Sedge (Cyperaceae) is commonly confused with grass (Gramineae), although they both belong to different families. Lumped in with ornamental grasses, sedge has grass-like appearances and is often used in natural landscaping. There are many distinct differences between sedge and grass that identifying sedge is easy when you know what to look for.
Learning to identify sedge from grass is fairly easy. Inspecting the stem will tell you whether the plant is a sedge or a grass. Unlike grass stems that are hollow inside, sedge stems are triangular and solid inside. Also, sedge has no nodes or joints along its stem like grass does. While different types of grasses can be annuals or perennials, sedges are mostly perennials and will live for two or more years.
Like grass, sedge can be grown to control erosion and it is planted at sites where the ground has been disturbed from mining. It is also used in meadow restoration projects. Many home gardeners grow sedge as an ornamental grass for both its beauty and to provide wildlife with food.
Sedges are fairly versatile and adaptable, which is what makes a favorite plant for gardeners. Planted in the spring so that it can become established before the winter months, most sedge prefers to grow in moist or wet soil. Unlike grass, sedge does not need full sun to grow healthily.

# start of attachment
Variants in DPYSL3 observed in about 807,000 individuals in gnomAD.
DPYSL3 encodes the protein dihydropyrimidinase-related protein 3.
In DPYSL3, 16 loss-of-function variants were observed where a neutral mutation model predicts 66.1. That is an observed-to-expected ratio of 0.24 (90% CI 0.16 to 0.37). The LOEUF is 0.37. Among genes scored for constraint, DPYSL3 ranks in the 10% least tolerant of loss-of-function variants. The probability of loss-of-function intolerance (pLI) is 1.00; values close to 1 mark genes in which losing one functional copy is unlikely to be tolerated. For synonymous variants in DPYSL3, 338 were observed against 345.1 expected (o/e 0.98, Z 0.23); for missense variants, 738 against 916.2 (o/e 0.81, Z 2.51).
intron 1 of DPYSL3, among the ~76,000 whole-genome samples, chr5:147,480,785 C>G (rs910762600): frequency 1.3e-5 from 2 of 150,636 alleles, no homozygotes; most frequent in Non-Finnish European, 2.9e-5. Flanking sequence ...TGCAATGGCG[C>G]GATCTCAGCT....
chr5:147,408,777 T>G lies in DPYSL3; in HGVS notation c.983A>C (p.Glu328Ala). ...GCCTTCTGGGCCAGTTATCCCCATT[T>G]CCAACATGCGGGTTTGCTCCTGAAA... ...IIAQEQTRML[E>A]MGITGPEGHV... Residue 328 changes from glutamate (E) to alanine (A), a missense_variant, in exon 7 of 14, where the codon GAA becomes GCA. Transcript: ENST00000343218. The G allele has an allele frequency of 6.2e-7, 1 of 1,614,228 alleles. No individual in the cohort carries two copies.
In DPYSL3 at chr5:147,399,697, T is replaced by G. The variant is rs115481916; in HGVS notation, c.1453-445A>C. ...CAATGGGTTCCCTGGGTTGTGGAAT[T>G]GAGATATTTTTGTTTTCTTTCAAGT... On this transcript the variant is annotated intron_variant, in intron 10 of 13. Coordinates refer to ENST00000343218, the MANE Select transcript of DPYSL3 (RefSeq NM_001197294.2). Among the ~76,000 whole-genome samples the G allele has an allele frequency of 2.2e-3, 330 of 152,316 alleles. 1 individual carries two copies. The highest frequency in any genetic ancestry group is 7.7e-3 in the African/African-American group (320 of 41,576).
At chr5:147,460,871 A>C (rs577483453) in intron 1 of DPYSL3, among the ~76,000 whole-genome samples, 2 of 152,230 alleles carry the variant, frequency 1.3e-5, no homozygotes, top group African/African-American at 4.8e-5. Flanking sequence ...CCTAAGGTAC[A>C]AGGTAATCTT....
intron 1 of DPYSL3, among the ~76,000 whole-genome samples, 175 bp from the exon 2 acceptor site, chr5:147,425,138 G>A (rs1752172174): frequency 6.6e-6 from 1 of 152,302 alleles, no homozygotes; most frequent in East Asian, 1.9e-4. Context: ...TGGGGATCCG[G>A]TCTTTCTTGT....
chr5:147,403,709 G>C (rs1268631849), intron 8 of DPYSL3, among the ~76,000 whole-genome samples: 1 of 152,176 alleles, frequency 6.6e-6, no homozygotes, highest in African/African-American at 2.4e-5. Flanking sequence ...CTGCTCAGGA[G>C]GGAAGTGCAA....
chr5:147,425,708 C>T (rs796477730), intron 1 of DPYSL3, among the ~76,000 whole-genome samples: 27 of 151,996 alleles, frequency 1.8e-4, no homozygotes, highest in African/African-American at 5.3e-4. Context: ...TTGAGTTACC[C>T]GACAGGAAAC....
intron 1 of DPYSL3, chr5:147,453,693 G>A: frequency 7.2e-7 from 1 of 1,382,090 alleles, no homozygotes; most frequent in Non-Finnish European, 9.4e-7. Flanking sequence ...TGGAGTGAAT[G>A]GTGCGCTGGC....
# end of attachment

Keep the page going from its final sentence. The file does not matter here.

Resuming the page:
Sedges in Gardens
Sedge needs very little care and maintenance. It can be grown in poor soils where other plants are unable to grow. Gardeners plant sedge to provide accents and to create grass barriers along walls or pathways. In the fall, sedge dries up like other ornamental grasses and can add character to the landscape. The sedge is usually cut down after it has dried to prevent a fire hazard, although some gardeners harvest the dried sedge to use for indoor decorating the same way as some people decorate with dried grasses.